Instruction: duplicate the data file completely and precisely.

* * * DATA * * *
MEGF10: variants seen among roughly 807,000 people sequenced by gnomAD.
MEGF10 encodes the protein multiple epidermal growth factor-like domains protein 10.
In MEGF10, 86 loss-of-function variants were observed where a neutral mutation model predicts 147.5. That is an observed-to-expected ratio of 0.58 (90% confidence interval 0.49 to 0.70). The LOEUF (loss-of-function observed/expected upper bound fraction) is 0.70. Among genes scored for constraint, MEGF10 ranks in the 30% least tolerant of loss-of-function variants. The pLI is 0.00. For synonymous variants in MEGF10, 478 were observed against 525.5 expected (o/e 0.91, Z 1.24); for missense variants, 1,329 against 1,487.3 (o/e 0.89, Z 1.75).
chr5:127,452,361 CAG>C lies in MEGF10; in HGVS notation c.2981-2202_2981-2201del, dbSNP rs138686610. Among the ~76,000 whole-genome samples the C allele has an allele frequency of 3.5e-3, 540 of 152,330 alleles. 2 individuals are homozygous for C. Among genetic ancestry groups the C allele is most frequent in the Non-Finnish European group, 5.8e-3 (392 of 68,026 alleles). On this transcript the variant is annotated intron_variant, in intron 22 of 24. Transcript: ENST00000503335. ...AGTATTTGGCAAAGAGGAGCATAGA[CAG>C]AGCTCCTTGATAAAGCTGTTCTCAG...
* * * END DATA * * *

MEGF10: variants seen among roughly 807,000 people sequenced by gnomAD.
MEGF10 encodes the protein multiple epidermal growth factor-like domains protein 10.
In MEGF10, 86 loss-of-function variants were observed where a neutral mutation model predicts 147.5. That is an observed-to-expected ratio of 0.58 (90% confidence interval 0.49 to 0.70). The LOEUF (loss-of-function observed/expected upper bound fraction) is 0.70. Among genes scored for constraint, MEGF10 ranks in the 30% least tolerant of loss-of-function variants. The pLI is 0.00. For synonymous variants in MEGF10, 478 were observed against 525.5 expected (o/e 0.91, Z 1.24); for missense variants, 1,329 against 1,487.3 (o/e 0.89, Z 1.75).
chr5:127,452,361 CAG>C lies in MEGF10; in HGVS notation c.2981-2202_2981-2201del, dbSNP rs138686610. Among the ~76,000 whole-genome samples the C allele has an allele frequency of 3.5e-3, 540 of 152,330 alleles. 2 individuals are homozygous for C. Among genetic ancestry groups the C allele is most frequent in the Non-Finnish European group, 5.8e-3 (392 of 68,026 alleles). On this transcript the variant is annotated intron_variant, in intron 22 of 24. Transcript: ENST00000503335. ...AGTATTTGGCAAAGAGGAGCATAGA[CAG>C]AGCTCCTTGATAAAGCTGTTCTCAG...